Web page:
Paul Robert Cohen

Paul Robert Cohen

Is print on a jacket conduct or speech?
And if speech, is it protected?

Bill of Rights

          We know our Constitution contains the Bill of Rights and the very first of those first 10 Amendments reads:

          Congress shall make no law respecting an establishment of religion, or prohibiting the free exercise thereof; or abridging the freedom of speech, or of the press; or the right of the people peaceably to assemble, and to petition the Government for a redress of grievances.

          Freedom of speech does not mean that we can say anything at anytime. We cannot yell "Fire" in an assembly. Nor can we protest on the steps of the US Supreme Court.

          Paul Robert Cohen was 19 and worked in a department store. On  April 26, 1968, Cohen was in the corridor of the Los Angeles Courthouse waiting to testify on behalf of an acquaintance. 

He had he met a woman the night before and she had stenciled the words "Fuck the Draft. Stop the War" on his jacket.

Police arrested him

Convicted

           A court convicted him of violating section 415 of the California Penal Code, which prohibited "maliciously and willfully disturb[ing] the peace or quiet of any neighborhood or person [by] offensive conduct" and sentenced him to 30 days in jail.

          Cohen appealed, but the California Court of Appeals upheld the conviction. That Court held that "offensive conduct" means "behavior which has a tendency to provoke others to acts of violence or to in turn disturb the peace." 

          Cohen appealed to the California Supreme Court, but that Court denied the appeal.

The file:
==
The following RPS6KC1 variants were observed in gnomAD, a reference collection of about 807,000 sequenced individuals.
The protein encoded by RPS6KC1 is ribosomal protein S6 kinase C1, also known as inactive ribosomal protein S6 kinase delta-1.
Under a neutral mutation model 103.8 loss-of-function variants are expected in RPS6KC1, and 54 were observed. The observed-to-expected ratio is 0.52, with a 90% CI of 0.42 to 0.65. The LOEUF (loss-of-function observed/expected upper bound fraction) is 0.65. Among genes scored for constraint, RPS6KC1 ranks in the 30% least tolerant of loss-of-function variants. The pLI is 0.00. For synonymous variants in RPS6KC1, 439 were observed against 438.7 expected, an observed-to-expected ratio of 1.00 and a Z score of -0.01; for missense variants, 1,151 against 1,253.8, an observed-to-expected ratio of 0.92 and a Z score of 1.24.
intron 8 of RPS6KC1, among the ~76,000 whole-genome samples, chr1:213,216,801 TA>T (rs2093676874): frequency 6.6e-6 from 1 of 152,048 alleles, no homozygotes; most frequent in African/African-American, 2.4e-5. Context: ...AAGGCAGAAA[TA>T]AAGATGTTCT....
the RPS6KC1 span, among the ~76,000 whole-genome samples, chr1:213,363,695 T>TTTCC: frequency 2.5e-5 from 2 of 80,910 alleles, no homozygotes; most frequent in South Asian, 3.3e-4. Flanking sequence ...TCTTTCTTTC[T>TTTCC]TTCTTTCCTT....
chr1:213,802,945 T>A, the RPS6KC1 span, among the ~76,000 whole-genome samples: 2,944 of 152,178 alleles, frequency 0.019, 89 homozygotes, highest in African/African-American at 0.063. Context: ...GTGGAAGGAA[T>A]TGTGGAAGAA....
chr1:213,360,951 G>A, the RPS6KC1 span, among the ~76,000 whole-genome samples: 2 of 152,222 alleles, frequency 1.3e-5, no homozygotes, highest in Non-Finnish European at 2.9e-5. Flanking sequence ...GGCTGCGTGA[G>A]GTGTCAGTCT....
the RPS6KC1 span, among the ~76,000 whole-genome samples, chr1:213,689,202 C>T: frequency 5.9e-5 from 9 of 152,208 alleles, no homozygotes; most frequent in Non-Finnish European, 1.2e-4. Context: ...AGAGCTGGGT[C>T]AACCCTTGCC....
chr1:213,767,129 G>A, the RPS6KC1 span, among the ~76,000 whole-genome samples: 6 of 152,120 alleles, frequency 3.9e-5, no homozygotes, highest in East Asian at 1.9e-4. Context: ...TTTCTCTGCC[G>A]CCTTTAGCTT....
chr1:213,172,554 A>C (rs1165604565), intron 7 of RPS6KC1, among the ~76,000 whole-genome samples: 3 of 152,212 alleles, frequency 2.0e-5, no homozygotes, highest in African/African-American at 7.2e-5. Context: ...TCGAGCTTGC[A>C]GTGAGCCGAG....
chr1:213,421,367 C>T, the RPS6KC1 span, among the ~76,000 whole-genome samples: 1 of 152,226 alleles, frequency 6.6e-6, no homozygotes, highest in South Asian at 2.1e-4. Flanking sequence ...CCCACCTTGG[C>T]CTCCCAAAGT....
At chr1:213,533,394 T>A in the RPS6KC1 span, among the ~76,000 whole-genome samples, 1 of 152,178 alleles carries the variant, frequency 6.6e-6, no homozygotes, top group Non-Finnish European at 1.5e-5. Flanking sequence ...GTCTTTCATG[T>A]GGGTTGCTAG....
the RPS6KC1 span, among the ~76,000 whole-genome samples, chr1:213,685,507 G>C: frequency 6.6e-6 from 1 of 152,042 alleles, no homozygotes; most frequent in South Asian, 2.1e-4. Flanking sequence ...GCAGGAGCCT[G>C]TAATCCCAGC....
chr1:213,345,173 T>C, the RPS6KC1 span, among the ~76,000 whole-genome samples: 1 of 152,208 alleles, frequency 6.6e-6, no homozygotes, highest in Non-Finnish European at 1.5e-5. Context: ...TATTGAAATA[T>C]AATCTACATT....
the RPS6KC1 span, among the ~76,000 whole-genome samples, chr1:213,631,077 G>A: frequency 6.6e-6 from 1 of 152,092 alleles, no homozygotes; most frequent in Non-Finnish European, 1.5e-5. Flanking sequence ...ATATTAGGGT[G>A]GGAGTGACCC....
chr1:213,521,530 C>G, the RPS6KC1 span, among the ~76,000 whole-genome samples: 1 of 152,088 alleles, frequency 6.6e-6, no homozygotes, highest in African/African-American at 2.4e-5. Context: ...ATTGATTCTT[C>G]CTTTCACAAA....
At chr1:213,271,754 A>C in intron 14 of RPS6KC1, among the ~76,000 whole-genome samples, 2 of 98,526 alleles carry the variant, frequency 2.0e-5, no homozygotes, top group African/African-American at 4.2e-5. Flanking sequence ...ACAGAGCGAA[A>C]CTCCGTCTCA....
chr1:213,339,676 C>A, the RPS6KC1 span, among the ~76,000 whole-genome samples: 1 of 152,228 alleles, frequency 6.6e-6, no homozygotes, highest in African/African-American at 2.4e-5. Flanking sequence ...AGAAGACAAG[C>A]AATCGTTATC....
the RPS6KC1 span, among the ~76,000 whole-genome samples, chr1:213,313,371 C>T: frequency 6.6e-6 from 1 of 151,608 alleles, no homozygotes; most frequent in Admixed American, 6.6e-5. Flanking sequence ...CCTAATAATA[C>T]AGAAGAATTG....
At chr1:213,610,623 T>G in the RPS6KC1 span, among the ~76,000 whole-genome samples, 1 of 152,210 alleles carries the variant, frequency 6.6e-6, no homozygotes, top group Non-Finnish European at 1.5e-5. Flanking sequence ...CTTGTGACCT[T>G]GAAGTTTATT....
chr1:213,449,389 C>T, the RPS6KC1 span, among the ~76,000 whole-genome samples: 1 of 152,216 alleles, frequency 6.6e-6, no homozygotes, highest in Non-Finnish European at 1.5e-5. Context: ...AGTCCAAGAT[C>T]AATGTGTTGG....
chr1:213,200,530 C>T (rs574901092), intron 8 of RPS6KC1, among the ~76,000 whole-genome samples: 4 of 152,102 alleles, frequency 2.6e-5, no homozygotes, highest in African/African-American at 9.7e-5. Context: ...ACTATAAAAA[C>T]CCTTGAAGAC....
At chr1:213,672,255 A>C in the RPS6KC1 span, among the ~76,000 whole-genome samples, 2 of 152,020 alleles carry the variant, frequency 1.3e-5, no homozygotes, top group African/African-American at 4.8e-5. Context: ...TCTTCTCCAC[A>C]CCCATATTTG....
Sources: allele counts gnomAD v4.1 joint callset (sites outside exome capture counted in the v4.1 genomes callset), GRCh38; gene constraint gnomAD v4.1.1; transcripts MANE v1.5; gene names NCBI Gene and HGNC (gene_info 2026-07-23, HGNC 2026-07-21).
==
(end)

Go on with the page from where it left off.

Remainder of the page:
Fortunately for Cohen, on June 22, 1970, the U.S. Supreme Court agreed to hear an appeal. (1970 NYT article)

          Almost a year later, on June 7, 1971 in a 5 - 4 decision, the US Supreme Court agreed that California's statute had violated Cohen's freedom of expression. 

Paul Robert Cohen

          In an opinion by Justice John Marshall Harlan, the Court reasoned that the expletive, while provocative, was not directed toward anyone; besides, there was no evidence that people in substantial numbers would be provoked into some kind of physical action by the words on his jacket. Harlan recognized that "one man's vulgarity is another's lyric." In doing so, the Court protected two elements of speech: the emotive (the expression of emotion) and the cognitive (the expression of ideas). (see https://www.oyez.org/cases/1970/299)

          In his dissenting opinion, Justice Harry Blackmun suggested that Cohen's wearing of the jacket in the courthouse was not speech but conduct (an "absurd and immature antic") and therefore not protected by the First Amendment.

Though he asked, Cohen never got back his jacket.

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